Some days I think that Twitter is nothing but people showing off their preciousness. Other days, when I am showing off my preciousness, I think it’s a wonderful tool for self-expression.

When I used to watch the show about the coroner, Dr. G Medical Examiner she often asked the question, “Why is it always guys?” Often about some scheme or stunt that went badly and fatally awry. Of course, she was in Florida.

Any shows hosted by Albert Lin are fascinating combinations of technology/science, history, and myth and Dr. Lin is an enthusiastic and exuberant explorer. I’ve been enjoying Lost Cities with Albert Lin on NatGeo, but I’ve also enjoyed his previous series on the Mayans, Sodom and Gomorrah, and the Tomb of Genghis Khan.


No one would dream of asking a man about compromising for love, especially in the 80s. This interviewer probably assumed he was scoring quite a coup here, revealing something dark about Eartha Kitt. He was revealing was something dark about himself and his assumptions.

I tried not to be overly concerned about the Garlock creep when I read about it the other day. Then the next morning at 12:19 we had a 3.7 quake about 15 miles from here and I thought, “Is this the beginning?” I was reassured when Dr. Lucy Jones posted this later in the day:

People are talking about the “unprecedented” movement of the Garlock fault after the Ridgecrest quake. It’s true we haven’t seen this in the 30 years of modern geodesy on the Garlock fault. But we’ve seen it many times on the San Andreas & it has never caused a quake. The movement on the Garlock is called triggered aseismic creep. It is in the top few hundred meters of the fault. No quake can occur in the shallow part because there’s no confining pressure. Big quakes begin 10-15 km down. Big quakes triggered aseismic creep on the San Andreas fault in 1979, 1992 & 1999. The creep never caused another quake. Ridgecrest was the first big quake near the Garlock since we have records so it’s the 1st time we’ve seen creep on the Garlock. But it’s not unprecedented.

Dr. Jones is always so reassuring.

So, as I was saying, we had a 3.7 quake centered about 15 miles from here. One sizable jolt traveling southeast to northwest through my house. It sounded and felt rather like the ghost of an elephant running through the attic. Being an experienced earthquake experiencer I sat there for a moment to see if there would be more (because earthquakes are sometimes sneaky and there will be a jolt, a pause, then more and sometimes harder). But there was not, so I went back to reading my book. I did hear sirens heading Compton way (the epicenter) so that may have been related. Living in California is often a question of both denial and bravado. I have my earthquake supplies and my emergency plans but I try very hard not to think about quakes the rest of the time. I did think that any out of towners at LAX (about 1/2 mile from here) or in the surrounding hotels at 12:19 got an especially memorable “Welcome to California.” I hope they appreciated it.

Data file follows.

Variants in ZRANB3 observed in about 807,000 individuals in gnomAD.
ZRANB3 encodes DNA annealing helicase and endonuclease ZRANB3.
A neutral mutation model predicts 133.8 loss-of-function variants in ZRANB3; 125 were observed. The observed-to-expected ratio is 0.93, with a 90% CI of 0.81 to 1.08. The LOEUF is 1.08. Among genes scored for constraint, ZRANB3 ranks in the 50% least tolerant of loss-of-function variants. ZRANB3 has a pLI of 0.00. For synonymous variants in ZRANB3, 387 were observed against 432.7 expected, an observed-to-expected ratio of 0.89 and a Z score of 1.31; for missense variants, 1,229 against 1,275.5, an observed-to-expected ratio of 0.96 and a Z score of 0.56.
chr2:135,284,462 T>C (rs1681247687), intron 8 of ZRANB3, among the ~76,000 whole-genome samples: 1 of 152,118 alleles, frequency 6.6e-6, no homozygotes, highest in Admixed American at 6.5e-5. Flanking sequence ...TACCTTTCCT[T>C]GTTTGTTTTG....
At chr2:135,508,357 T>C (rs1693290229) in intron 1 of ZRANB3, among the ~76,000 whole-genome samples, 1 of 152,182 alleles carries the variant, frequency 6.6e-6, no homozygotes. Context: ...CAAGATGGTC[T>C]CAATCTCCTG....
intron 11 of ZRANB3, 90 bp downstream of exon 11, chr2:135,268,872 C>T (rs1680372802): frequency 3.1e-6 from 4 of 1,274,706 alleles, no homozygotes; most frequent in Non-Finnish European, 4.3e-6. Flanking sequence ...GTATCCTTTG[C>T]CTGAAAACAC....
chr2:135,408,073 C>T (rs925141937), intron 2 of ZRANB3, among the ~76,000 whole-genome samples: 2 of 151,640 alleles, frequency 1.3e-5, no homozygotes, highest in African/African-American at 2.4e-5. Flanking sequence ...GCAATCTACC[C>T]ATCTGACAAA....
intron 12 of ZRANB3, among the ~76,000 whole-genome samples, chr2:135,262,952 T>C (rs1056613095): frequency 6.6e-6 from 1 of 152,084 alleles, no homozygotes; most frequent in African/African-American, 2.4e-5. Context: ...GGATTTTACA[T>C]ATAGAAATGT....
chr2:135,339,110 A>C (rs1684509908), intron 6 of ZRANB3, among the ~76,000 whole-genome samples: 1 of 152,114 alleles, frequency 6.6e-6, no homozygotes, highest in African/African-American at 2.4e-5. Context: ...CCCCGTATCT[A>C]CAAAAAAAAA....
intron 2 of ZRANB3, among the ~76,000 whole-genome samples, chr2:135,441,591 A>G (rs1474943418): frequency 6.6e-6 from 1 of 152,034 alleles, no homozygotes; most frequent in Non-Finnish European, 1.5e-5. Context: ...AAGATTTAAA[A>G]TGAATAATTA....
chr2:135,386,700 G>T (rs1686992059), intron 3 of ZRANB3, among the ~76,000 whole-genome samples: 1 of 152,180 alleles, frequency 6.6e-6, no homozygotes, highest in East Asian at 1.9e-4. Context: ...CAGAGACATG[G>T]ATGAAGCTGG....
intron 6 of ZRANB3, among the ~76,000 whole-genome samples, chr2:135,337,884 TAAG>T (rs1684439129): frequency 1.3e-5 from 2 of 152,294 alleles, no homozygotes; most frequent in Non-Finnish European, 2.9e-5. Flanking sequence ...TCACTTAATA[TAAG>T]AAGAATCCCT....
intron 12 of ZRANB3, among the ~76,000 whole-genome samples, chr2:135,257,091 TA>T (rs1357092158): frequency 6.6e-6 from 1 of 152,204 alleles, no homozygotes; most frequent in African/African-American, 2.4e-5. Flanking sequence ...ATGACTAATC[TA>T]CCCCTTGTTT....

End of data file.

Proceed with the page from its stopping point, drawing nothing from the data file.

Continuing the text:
Pain is a great teacher.
It teaches anger, it teaches
self-pity and doubt,
fist-shaking, a stunning
loss of perspective.
If it goes on long enough,
it may also teach humility,
acceptance, even courage.
But that’s never a sure thing.
Mostly pain teaches pain.

TV Show pitch: This Old Crone
Like the PBS seres, This Old House (the original remodeling show), but featuring the transformation of an old crone rather than an old home. It should be hosted by the person who really knows how to do the work rather than the half-assed dilettante hosebag. In this series, instead of covering up the flaws in the crone, we shine a bright spotlight on them so that anyone, including the crone, can learn from them. And the eccentricities of construction will be celebrated rather than trying to turn them into something sleek and modern. Repair work will be done, of course, but with the knowledge that decrepitude is inevitable and the only sure and certain principle ruling the Universe is entropy. Rather than mourning this, the show will encourage us to accept it with as much grace and dignity as possible and learn from it, as well. But we must also remember that if entropy rules the Universe, irony is its only begotten daughter.

Everyone’s path is their own. No path is superior. Everyone has to find their own way. The path of quiet contemplation is as valid as the full-throated war cry. Anyone who judges your path isn’t as secure in their own as they think they are. One person has trouble crossing a room without pain; another climbs mountains. In the end, it doesn’t matter. All that matters is the flame in your heart. If it dies, you’ve failed. If it’s still burning, you’re still burning, and you’re where you need to be.